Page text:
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Narrowing the Gap: How Time Off Helps Students Transition from High School to College

When Malia Obama recently announced that she would be attending Harvard, most of the conversation centered not upon where she was furthering her education, but what she would be doing beforehand. While the American public hasn’t been briefed on the specifics of the Malia’s plans – that is a First-Family matter after all – it was recently reported that our Commander In Chief’s eldest daughter will be taking a gap year before matriculating. And by all accounts, this is a very good decision.

While I cannot say I have ever had the pleasure of meeting Malia (or any relative of any US President to my knowledge), I do know many, many people who have taken time off before or during college. And by and large, almost without exception, they were better off for it. The Washington Post recently published an article detailing the specific benefits of the gap year. According to this article, students who take a gap year are 75 percent more likely to be ‘happy’ or ‘extremely-satisfied’ with their careers post-college. Furthermore, a certain liberal arts school in Vermont, one that actually has a gap semester built into its curriculum for about one hundred students per year, found that students who take a gap year also tend to outperform their peers both academically and extracurricularly.

And this makes sense. Students generally complete high school at eighteen years of age after a scholastic lifetime of prescribed courses. They generally have little experience with independent living or independent decision making, a murky idea of their academic interests and passions, and a startling instinct to seize their newfound freedom by acting as recklessly and immaturely as possible. In short, they are eighteen years old. And I understand this, in fact I was eighteen years old too, once. And like many other eighteen year olds, I was simply not as intellectually and socially mature as I would eventually be.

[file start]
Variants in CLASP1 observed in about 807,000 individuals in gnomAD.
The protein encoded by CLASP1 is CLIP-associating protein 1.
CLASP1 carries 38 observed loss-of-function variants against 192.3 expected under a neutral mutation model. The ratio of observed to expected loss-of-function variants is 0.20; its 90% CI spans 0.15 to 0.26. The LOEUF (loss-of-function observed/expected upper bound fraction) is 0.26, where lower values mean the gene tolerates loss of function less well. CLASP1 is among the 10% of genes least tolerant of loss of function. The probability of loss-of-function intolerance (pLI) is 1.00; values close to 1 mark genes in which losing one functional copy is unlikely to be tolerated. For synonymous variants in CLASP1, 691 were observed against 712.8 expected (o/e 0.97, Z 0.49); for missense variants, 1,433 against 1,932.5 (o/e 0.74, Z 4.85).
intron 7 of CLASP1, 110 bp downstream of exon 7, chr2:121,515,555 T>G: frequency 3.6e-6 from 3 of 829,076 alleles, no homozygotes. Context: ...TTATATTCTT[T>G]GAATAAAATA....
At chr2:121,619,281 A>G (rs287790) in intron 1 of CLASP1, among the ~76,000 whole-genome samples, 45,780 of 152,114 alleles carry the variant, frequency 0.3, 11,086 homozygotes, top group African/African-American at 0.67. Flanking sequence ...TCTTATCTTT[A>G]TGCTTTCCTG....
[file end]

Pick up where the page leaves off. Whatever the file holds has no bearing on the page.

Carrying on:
During my Freshman year, I decided that I was going to pursue an English Literature and Art History double major. I liked literature, I liked paintings, and so the choice was clear. Right? Four years later, when I received my diploma, neither of those disciplines were my intended choice of study. In fact, the only reason I never needed to formally change my major was because I never got around to initially filing the required paperwork. I was fortunate enough to attend a liberal arts college that valued academic exploration, and so I was not bound to my eighteen-year-old self’s prosaic, art historical academic determinations. Eventually, I discovered a major that stimulated and challenged me in ways I’d never before encountered. (This major was theatre, much to my parents’ dismay, but that is another story for another day).

And I was not alone in my indecision – according to the Washington Post article referenced above, the average student takes about six years to complete their college education. Many times, this extended foray into higher education is a result of very specific requirements for very specific courses of study – so if a student decides that they might not want to be a doctor after all, their pre-med classes will not contribute to their newfound political science major. And as college tuition figures are continuing to soar, this academic meandering presents a largely inefficient, impractical, and sometimes impossible path to self-discovery. The remedy? A gap year in which students can explore their interests and themselves outside the annual five-figure halls of academia.